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Household magic, house elves & Santa Claus

Today was the kind of sunshiny, blue skies day where the winter neglected garden calls for some much needed attention. I thought a touch of weeding wouldn’t go astray so I wandered outdoors to spend half an hour soaking up the sun. Several hours later, after I filled our Green Recycle bin to the brim with weeds and wild vines, I dragged myself indoors to sit down for a rest, watch some Olympics action, and research pagan magic (as you do).

There are some wonderful pages, communities and groups on Facebook with links to sourced articles (I love when writers include their sources) and I found noteworthy (as in I took notes) information on sacred hearths and household magic, the Cailleadch, Brigid, and house elves. If you follow me on Facebook you might have noticed that I often share quotes with a pagan flavour. These are usually linked to ideas and character development I’m working on at the time

I’m also working on sigils. These are magical letters or notes where you write out your wish (for instance, sell more books), remove the duplicate letters (semorbk), mix the letters around (mrkosre), and then meld the letters into one symbol. When you’re finished you burn or bury the note and forget about it and TA DAA! Your “wish” comes true. Eventually.

Generally, I do not play around with magical symbols I don’t fully understand or use in my personal life (which means I don’t play around with magical symbols at all). In this case though, I think sigils will add a touch of authenticity to my next story and I will/may have characters that practice household magic including using sigils.

Household magic is a traditionally female sphere as it was usually women who worked indoors and around the house (weaving cloth, cooking, looking after the prosperity and integrity of the home and its inhabitants) while menfolk concentrated on work in the fields, or fishing, or hunting etc. In these communities, the work of both genders was seen as equally important. After all, if the women didn’t weave the men would be ploughing fields in the nude (or wrapped in skins, I suppose). I would presume that this wasn’t a strict practice as not every household had two parents and 7.5 children to manage. Chores change as needs must. And I should point out that I’m researching Celtic Gaelic traditions in Scotland and Ireland. Obviously, different cultures practiced differing magics and chore division.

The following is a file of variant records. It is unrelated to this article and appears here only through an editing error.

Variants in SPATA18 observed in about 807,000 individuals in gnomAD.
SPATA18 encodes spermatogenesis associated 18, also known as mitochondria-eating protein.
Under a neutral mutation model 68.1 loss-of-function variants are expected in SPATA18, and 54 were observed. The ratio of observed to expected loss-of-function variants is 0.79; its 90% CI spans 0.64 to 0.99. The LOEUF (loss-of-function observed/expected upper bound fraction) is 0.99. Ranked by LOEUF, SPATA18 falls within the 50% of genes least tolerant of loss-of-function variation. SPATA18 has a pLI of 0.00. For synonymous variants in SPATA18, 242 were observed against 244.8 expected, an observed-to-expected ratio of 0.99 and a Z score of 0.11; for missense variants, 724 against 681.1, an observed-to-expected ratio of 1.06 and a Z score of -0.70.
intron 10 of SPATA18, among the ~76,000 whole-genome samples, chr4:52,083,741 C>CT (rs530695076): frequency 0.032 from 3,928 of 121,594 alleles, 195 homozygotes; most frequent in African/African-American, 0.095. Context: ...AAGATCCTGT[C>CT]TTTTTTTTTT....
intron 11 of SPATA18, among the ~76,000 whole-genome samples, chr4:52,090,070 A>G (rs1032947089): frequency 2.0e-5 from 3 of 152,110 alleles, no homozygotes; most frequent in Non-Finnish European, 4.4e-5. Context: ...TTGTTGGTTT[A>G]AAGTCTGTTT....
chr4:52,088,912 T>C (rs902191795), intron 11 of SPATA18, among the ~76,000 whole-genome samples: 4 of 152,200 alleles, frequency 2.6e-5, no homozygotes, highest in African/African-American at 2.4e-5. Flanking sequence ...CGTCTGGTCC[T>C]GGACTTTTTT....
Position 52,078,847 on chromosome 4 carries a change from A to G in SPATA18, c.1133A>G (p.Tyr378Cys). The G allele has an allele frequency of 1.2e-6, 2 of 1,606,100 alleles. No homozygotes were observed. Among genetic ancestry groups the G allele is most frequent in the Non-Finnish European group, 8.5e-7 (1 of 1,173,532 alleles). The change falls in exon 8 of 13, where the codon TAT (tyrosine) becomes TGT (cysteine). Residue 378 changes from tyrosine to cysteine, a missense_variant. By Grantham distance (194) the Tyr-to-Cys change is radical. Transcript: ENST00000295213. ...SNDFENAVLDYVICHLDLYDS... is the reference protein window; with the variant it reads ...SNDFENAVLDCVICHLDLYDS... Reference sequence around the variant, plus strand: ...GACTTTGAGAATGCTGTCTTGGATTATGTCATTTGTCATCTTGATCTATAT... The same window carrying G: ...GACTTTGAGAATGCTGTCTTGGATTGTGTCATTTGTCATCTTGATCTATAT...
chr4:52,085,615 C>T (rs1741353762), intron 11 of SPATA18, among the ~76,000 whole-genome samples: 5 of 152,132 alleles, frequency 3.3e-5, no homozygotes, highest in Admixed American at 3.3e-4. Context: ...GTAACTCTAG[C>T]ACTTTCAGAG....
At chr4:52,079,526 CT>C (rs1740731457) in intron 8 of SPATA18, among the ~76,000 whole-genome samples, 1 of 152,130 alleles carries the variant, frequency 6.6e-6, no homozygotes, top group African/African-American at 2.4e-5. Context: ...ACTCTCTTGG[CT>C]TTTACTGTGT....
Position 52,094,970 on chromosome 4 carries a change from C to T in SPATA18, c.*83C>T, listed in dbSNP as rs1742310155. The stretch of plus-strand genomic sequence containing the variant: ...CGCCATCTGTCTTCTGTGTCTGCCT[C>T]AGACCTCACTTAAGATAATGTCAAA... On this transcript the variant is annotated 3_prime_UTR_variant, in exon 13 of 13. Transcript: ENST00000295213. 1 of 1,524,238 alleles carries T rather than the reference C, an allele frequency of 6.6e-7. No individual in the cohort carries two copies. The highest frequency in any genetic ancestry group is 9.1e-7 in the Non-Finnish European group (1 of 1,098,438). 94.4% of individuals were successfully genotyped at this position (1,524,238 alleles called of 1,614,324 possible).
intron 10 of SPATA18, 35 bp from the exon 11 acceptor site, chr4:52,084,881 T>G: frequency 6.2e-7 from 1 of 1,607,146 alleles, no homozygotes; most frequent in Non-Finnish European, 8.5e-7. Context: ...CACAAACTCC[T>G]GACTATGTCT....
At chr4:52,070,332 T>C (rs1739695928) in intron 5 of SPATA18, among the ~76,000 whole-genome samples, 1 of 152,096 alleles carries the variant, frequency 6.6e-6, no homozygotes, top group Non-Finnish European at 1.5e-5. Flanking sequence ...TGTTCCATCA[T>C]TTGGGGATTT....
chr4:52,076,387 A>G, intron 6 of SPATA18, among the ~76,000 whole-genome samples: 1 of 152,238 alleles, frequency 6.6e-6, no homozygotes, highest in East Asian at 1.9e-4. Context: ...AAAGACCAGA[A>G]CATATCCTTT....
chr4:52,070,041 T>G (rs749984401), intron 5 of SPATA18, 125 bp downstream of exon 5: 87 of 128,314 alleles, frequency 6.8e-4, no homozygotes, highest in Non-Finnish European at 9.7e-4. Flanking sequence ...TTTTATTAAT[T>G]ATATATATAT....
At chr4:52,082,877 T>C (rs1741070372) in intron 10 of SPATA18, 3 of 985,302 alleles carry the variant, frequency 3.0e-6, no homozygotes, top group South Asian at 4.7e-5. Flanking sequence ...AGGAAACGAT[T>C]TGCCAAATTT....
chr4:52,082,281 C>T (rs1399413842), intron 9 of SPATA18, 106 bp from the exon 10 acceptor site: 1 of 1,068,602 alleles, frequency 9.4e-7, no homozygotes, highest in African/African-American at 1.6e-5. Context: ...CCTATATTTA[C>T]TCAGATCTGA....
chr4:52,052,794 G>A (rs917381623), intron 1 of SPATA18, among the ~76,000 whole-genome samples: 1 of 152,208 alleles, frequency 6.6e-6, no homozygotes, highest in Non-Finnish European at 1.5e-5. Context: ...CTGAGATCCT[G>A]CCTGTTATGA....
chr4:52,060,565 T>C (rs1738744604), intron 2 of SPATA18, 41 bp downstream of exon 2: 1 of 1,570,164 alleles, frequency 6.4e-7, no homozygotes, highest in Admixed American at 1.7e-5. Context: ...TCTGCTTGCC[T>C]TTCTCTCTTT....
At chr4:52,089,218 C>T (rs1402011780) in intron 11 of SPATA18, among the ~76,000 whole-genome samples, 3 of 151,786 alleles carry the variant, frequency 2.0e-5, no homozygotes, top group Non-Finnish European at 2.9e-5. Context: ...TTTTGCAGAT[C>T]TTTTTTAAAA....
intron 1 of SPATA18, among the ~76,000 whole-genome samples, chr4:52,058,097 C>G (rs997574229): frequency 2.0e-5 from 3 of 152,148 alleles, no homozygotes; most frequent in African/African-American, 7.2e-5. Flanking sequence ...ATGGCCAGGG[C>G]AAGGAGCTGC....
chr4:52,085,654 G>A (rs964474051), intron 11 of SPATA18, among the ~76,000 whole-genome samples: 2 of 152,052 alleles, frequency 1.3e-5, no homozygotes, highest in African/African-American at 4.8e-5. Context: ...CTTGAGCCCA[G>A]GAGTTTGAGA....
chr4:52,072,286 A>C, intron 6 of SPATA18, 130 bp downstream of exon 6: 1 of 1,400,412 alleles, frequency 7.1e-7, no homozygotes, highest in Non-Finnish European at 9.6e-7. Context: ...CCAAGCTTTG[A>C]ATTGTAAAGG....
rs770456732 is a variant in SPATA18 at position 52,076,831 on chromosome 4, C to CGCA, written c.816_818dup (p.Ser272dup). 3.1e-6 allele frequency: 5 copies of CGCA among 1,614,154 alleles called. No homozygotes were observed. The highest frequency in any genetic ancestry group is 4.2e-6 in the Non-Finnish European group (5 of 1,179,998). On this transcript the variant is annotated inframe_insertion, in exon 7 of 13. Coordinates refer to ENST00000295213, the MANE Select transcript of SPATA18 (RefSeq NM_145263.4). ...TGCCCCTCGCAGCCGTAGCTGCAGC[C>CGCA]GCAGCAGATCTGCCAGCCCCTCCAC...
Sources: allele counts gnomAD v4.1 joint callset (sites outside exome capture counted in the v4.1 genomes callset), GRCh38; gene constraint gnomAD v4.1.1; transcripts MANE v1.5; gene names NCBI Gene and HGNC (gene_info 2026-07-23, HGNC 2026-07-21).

When I use the term ‘household magic’, I don’t mean women playing at a few spells for good luck and for dinner to come out just right. Household magic in my lexicon is the most powerful. Home is where the hearth is and the hearth is a traditional source of powerful forces (Brigid is the Goddess of the Hearth). With the hearth comes fire and with fire comes food, warmth and comfort. Herbs also are included in household magic as they were and are used for food, medicine, cleansing, making products, dying, and casting spells. There is a lot of power to be found around the stove in any kitchen and traditionally those stoves consisted of hearths, fire, and chimneys.

Here’s a little bit of interesting trivia on the origin of Santa Claus stories. I’ve always thought Santa originated in a story where an old, yet prosperous man, secretly left gifts for the people in his community at Yule time. No doubt there is some veracity in that. Today though, I found out that Santa could also have originated as a house elf (I know, you all probably thought of Dobby and went awwwww – or Kreacher and you shuddered). The house elf can trace its roots back much further than JK Rowling’s Harry Potter novels. In Scottish Gaelic myth, the house elf was known as a brownie, brounie or ùruisg. Of course, there a many names for the common house-spirit whose job it was to protect and guard the home and all who lived in it. They commonly lived in or near the hearth and, therefore, the chimney. The chimney was a portal between outside and in, and people and the spirits. The house spirit/fairy/elf entered the house through the chimney. Hence, an origin story (one of many) for Santa Claus. I like this story and from now on, when anyone asks me about Santa Claus I’m going to talk about house elves and fairies.


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